The Big Beat

Groove Pizza - The Big Beat

View in Noteflight

This Billy Squier classic is Number nine on WhoSampled’s list of Top Ten Most Sampled Breakbeats. There are only two embellishments to the backbeat cross: the snare drum hit to the east is anticipated by a kick a sixteenth note (one slice) earlier, and the kick drum to the south is anticipated by a kick an eighth note (two slices) earlier. It isn’t much, but together with some light swing, it’s enough to make for a compelling rhythm. The groove is interestingly close to being symmetrical on the right side of the circle, and there’s an antisymmetry with the kick-free left side. That balance between symmetry and asymmetry is what makes for satisfying music.

Planet Funk (eighth notes)

Planet Funk (eighth notes)

View in Noteflight

This pattern reminds me of Saturn viewed edge-on. The hi-hats are the planet itself, the snares are the rings, and the lone kick drum at the top is a moon. To make the simplest funk beats, all you need to do is add more moons into the kick drum orbit.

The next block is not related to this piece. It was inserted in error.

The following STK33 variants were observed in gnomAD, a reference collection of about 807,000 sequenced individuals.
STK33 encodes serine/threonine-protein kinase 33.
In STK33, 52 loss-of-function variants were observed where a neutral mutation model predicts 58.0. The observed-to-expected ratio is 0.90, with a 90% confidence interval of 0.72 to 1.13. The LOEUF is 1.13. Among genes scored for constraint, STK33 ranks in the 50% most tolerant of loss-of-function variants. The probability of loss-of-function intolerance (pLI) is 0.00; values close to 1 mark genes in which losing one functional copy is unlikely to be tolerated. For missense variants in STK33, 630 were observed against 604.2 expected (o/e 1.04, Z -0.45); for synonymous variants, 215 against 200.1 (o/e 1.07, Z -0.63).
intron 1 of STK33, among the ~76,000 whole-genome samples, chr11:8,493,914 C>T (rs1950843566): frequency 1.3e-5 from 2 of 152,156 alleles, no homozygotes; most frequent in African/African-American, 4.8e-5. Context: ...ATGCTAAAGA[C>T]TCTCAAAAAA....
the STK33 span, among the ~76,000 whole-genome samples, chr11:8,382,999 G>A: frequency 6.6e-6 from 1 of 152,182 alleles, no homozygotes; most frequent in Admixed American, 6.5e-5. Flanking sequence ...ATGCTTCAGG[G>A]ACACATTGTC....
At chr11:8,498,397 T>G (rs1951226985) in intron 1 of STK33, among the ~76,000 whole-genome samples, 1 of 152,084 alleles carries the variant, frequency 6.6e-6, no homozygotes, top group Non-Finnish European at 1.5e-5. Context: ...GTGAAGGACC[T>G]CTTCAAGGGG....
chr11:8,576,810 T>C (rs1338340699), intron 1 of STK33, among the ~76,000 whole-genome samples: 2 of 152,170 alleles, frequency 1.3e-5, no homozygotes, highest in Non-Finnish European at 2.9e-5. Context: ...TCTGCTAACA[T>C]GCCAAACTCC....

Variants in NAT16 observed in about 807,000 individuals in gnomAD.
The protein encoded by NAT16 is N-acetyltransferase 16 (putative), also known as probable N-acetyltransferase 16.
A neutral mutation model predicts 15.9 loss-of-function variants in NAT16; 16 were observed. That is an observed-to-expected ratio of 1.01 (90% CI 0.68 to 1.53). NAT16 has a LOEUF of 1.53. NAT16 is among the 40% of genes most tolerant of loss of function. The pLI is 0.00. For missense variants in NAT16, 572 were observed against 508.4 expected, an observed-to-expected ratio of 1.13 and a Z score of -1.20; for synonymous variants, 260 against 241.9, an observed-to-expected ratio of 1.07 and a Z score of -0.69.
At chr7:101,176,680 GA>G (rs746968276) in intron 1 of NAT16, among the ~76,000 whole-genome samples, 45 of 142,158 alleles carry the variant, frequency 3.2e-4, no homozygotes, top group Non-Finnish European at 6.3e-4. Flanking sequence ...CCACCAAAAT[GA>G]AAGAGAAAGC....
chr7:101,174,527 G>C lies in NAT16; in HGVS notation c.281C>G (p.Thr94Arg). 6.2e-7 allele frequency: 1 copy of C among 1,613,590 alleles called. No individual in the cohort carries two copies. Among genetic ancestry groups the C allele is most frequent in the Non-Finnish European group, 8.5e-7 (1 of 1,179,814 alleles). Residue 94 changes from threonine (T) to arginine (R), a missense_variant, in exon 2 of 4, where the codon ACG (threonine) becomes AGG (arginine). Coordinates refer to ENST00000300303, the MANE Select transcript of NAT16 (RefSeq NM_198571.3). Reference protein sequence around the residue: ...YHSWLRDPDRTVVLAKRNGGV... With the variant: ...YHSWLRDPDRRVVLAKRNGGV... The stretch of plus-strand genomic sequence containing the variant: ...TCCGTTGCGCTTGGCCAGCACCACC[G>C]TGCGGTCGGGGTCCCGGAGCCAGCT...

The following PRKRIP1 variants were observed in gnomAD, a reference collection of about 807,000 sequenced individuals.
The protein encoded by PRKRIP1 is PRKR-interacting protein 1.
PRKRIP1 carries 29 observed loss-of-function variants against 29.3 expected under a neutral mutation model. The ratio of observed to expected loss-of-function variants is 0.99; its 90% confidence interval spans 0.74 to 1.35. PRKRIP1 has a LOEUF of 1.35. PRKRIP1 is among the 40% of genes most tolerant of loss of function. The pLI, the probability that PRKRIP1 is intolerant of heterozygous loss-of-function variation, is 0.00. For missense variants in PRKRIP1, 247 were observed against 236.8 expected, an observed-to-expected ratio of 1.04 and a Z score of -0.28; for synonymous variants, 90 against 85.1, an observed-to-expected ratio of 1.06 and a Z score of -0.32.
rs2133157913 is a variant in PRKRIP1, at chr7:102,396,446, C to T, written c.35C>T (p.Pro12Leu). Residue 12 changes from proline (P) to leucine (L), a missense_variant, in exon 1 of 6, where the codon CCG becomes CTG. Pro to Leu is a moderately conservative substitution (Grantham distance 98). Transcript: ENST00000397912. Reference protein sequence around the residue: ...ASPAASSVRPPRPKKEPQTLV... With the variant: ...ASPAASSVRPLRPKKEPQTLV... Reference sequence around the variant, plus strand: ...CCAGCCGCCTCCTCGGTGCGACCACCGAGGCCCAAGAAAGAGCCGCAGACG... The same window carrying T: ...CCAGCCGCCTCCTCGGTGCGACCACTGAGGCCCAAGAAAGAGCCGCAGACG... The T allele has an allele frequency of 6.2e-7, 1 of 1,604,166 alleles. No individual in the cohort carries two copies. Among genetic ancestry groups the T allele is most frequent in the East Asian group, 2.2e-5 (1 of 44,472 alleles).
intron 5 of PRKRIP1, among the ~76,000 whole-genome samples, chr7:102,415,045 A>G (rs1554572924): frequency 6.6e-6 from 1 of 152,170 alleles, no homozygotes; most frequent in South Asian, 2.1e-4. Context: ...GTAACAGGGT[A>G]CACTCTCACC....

It’s A New Day

Groove Pizza - It's A New Day

View in Noteflight

The Skull Snaps song isn’t too well known, but the break that kicks it off is number five on the WhoSampled list. The Planet Funk template has some extra kick drums embellishing particular beats. The kick on the downbeat (the topmost slice) has a kick anticipating it a sixteenth note (one slice) earlier, and another following it an eighth note (two slices) later. The snare drum hit to the west is anticipated by two more kicks. All that activity is balanced by the southeast half of the pizza, which is totally kick-free. Like “The Big Beat,” “It’s A New Day” is close to being symmetrical, with just enough variation to keep it interesting.